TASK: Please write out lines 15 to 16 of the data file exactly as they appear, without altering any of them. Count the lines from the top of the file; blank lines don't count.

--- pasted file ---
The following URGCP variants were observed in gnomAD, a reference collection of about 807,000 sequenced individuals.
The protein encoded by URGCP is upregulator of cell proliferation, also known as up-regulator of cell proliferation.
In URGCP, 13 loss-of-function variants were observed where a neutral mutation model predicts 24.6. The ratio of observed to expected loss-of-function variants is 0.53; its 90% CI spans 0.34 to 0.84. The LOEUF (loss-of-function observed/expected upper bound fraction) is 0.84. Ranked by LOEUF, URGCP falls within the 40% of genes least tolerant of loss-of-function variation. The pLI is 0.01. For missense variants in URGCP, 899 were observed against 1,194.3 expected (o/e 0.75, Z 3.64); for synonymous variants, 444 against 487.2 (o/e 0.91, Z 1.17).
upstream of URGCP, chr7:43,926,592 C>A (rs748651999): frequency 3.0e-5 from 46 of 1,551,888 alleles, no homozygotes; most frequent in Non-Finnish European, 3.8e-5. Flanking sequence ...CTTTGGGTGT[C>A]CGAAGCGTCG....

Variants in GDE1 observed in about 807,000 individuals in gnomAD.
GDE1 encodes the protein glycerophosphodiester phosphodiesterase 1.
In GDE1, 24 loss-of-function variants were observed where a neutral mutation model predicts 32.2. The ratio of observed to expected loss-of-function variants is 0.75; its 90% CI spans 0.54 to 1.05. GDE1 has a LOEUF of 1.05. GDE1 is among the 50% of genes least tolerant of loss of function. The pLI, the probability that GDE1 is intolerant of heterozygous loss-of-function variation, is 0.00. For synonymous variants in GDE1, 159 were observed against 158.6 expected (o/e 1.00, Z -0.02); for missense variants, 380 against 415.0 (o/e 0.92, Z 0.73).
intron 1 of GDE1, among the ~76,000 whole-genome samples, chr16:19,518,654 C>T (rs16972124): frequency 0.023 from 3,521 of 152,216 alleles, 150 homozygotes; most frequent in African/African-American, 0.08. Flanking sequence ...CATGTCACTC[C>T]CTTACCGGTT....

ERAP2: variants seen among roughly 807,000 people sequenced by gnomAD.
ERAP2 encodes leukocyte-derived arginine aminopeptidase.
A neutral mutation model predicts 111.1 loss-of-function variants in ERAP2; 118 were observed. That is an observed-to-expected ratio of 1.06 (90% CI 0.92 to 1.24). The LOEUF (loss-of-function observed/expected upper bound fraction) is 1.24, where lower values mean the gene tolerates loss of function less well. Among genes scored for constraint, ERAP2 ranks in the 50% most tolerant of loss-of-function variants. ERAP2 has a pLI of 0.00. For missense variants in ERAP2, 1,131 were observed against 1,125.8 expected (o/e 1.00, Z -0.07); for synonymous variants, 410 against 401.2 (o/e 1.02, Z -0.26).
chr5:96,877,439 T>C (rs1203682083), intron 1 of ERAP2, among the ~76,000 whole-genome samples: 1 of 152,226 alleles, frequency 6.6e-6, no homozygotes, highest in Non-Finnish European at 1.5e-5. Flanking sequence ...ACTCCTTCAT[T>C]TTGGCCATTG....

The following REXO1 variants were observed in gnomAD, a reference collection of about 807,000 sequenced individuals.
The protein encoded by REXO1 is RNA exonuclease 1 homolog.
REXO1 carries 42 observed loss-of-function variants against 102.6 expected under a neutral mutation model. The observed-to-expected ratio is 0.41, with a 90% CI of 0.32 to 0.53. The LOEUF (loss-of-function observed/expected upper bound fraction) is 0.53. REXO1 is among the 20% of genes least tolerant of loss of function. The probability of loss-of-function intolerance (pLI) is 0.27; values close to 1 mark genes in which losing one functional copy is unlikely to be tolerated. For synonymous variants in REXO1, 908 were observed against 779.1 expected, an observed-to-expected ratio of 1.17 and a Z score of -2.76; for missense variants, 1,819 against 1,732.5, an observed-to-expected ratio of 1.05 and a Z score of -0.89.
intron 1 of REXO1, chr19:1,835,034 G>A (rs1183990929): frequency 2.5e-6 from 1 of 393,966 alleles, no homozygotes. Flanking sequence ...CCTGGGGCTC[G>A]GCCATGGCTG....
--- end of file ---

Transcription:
REXO1 carries 42 observed loss-of-function variants against 102.6 expected under a neutral mutation model. The observed-to-expected ratio is 0.41, with a 90% CI of 0.32 to 0.53. The LOEUF (loss-of-function observed/expected upper bound fraction) is 0.53. REXO1 is among the 20% of genes least tolerant of loss of function. The probability of loss-of-function intolerance (pLI) is 0.27; values close to 1 mark genes in which losing one functional copy is unlikely to be tolerated. For synonymous variants in REXO1, 908 were observed against 779.1 expected, an observed-to-expected ratio of 1.17 and a Z score of -2.76; for missense variants, 1,819 against 1,732.5, an observed-to-expected ratio of 1.05 and a Z score of -0.89.
intron 1 of REXO1, chr19:1,835,034 G>A (rs1183990929): frequency 2.5e-6 from 1 of 393,966 alleles, no homozygotes. Flanking sequence ...CCTGGGGCTC[G>A]GCCATGGCTG....